According to legislation signed by Governor Andrew Cuomo last week, running a digital billboard through New York’s waterways is now a criminal misdemeanor, punishable by a $1,000 fine on the first offense, and $5,000 for each violation thereafter. The ban was meant to take effect immediately.

And yet, Ballyhoo Media’s floating digital billboard—the explicit target of the new state law—is still drifting freely through the city’s waterways, beaming its 1,200-square-foot LED screen at the Manhattan and Brooklyn shoreline just as it's done for most of the past year.

On Wednesday, the boat even joined the welcome party for teen climate activist Greta Thunberg, as part of a United Nations initiative to promote sustainable development goals. (A UN spokesperson did not respond to questions about the arrangement.)

When it is not #aplatformforchange, Ballyhoo is a platform for brands, including Pepsi and Uber and private helicopter companies, which it has promised high visibility access to hundreds of millions of New York City pedestrians and drivers. Despite the state ban, that company’s business model will not change, according to Ballyhoo CEO Adam Shapiro.

In an op-ed published in the Daily News this week, Shapiro argued that the law only applies to floating billboards that use “flashing or intermittent lights.” Acting on advice from his attorneys, he claims Ballyhoo merely has to adhere to federal standards for roadway signs, which allow digital billboards to change every four to ten seconds.

State Senator Brad Hoylman, who sponsored the legislation, called Ballyhoo’s interpretation “a willful misreading of the statute from a company currently breaking the law.” He said there was little doubt that the intent of the legislation will hold up in court, adding that it was time for Ballyhoo to accept that “their business model is sunk.”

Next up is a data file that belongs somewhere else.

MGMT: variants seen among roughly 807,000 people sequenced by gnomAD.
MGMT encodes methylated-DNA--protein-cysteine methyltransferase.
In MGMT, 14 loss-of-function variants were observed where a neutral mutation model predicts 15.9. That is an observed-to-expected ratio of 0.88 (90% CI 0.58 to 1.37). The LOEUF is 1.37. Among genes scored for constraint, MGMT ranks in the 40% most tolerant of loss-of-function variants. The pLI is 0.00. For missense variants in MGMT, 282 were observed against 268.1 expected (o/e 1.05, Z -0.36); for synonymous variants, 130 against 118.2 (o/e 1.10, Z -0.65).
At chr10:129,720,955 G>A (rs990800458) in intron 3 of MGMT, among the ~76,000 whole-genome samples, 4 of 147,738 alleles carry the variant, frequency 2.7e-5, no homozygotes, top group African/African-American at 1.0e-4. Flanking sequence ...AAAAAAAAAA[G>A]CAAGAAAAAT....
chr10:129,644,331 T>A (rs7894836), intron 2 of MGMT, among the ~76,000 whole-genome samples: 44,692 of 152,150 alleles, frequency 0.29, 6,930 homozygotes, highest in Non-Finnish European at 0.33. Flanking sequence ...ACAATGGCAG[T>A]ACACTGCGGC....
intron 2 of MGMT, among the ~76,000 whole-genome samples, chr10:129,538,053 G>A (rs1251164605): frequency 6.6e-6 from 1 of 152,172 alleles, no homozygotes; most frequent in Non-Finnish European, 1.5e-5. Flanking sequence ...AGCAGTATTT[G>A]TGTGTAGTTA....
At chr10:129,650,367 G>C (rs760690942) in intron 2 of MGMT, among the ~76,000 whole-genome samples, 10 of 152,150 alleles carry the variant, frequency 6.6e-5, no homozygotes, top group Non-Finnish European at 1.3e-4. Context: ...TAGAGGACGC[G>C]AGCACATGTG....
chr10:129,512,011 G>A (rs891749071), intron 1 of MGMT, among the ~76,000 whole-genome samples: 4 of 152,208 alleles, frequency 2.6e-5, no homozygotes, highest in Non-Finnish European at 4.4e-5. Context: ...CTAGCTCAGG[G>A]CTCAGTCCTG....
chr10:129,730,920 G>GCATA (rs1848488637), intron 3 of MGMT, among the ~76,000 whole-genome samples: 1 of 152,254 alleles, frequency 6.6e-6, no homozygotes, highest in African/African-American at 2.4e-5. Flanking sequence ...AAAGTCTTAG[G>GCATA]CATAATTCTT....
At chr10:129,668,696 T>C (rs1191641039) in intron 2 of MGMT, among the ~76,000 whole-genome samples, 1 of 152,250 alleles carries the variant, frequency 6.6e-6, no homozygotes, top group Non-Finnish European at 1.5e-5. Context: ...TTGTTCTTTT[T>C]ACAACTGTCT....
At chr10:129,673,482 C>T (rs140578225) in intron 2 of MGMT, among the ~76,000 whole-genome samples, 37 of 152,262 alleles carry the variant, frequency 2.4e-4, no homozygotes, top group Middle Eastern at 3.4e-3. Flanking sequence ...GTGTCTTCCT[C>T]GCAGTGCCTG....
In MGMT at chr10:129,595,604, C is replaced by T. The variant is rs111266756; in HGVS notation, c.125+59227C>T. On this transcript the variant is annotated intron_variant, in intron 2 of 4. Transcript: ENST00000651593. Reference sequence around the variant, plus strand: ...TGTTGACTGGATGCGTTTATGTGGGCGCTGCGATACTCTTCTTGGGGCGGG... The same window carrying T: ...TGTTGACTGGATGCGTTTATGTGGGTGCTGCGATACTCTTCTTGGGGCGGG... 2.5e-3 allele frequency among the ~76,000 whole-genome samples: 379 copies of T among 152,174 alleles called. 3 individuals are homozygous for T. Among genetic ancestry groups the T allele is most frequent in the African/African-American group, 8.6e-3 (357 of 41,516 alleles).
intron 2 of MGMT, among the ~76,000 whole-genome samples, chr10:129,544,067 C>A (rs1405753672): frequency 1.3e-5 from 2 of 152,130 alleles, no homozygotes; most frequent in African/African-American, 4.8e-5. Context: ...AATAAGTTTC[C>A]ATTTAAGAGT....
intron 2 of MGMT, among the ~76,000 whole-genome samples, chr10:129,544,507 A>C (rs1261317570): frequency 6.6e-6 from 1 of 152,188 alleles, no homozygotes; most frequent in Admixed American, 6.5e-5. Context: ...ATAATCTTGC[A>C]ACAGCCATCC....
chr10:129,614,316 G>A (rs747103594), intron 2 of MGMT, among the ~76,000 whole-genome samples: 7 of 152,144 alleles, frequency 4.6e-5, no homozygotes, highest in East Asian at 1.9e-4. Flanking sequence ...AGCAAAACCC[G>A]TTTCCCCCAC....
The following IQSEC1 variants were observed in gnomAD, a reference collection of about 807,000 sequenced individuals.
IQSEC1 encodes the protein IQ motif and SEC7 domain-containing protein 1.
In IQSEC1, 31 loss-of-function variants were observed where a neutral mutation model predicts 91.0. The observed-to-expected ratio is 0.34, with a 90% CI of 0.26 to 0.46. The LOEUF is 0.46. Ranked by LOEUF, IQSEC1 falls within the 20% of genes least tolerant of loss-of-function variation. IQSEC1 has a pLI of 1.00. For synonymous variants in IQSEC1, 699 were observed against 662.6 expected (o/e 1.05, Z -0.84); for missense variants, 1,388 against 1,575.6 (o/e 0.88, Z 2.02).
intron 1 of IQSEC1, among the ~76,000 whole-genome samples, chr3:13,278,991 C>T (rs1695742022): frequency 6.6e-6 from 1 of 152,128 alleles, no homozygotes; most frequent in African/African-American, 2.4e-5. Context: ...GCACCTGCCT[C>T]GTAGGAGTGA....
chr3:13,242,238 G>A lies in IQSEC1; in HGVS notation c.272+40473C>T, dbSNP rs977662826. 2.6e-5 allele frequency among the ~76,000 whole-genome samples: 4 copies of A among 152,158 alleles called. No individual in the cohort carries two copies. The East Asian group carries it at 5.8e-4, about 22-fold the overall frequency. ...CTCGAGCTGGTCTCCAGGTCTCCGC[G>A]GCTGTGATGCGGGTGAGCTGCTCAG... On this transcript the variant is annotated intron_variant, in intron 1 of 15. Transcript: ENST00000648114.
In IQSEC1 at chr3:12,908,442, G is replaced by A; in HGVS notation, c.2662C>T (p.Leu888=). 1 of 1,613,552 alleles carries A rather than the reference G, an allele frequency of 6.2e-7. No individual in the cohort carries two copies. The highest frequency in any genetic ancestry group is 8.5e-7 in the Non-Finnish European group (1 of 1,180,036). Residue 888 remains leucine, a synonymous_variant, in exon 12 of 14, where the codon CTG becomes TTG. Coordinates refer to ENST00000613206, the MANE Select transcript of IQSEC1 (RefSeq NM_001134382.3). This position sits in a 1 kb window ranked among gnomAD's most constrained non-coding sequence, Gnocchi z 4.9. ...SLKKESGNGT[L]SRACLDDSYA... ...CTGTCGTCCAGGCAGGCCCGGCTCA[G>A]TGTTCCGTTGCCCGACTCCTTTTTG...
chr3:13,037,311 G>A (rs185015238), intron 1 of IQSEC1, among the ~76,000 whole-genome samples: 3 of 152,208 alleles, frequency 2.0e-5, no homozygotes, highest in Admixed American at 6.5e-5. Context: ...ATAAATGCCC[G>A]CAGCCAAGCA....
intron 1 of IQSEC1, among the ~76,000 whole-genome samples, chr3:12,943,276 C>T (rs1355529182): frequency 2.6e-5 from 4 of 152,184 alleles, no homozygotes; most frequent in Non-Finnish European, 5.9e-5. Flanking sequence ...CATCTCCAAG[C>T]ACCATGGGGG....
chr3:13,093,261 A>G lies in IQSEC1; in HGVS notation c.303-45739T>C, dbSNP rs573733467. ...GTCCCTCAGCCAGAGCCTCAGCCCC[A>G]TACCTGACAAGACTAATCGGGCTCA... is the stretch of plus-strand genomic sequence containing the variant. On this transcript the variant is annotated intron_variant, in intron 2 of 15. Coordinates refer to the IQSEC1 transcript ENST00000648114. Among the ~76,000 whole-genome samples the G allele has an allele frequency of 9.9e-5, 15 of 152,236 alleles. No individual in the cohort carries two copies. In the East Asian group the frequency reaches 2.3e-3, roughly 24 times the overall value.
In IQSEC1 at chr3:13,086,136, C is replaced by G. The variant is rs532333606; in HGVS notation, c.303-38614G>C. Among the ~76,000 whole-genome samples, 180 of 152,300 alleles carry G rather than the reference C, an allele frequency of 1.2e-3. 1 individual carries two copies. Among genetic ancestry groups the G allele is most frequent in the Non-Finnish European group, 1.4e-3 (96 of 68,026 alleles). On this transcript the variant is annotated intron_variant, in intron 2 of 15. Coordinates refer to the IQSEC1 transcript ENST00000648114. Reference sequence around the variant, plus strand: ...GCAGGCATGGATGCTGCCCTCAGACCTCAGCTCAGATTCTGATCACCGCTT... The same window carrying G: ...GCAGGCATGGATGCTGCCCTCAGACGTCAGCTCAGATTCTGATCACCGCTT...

The Manhattan senator also took issue with the CEO’s claim that his billboard was “simply one boat in the harbor of hundreds,” and is essentially no different from the ferries and other vessels that already feature exterior ads.

“This was something that no one had seen before, or frankly wanted to see,” Hoylman told Gothamist. “New Yorkers don’t want digital billboards on their waterways and that’s why we passed this law.”

In its own promotional materials, Ballyhoo boasts of “standing by itself” in the otherwise untapped market of waterfront outdoor advertising. That innovative approach has allowed the company to charge a reported $55,000 for a 30-second spot that runs on a loop for four weeks.

Gothamist's inquiries to Ballyhoo's clients—including Uber, Lyft, Heineken, AMC, and the Brooklyn Nets— about whether the new law will impact their decision to advertise on the boats were not returned.

Of course, for the prohibition to actually work, it will need to be enforced. But more than a week after the statute was signed, Ballyhoo does not appear to have faced a single citation. A spokesperson for the NYPD told Gothamist the department was still “determining how enforcement will be conducted and the training that will be required to conduct that enforcement.”

The boat spotted near West 30th Street last Thursday (Michelle Hines)

Adding to the complications, Ballyhoo is in the midst of fighting off a city lawsuit, and has been temporarily barred by a judge from operating “under 1,500 feet from the City's shore and within view from an arterial highway." Whether or not this means the boat can edge closer to shore when not in view of a highway is the subject of another thorny legal dispute between officials and the company’s lawyers.

“We have meticulously mapped out our route to comply with all applicable laws and regulations,” Shapiro asserted in a statement sent to Gothamist through a spokesperson on Wednesday. “Our captain, a Coast Guard veteran, follows the same route everyday and always remains more than 1500 [feet] away when in view of a highway, per the judge’s ruling.”

Presented with photographic evidence that would seem to indicate otherwise, the spokesperson did not respond.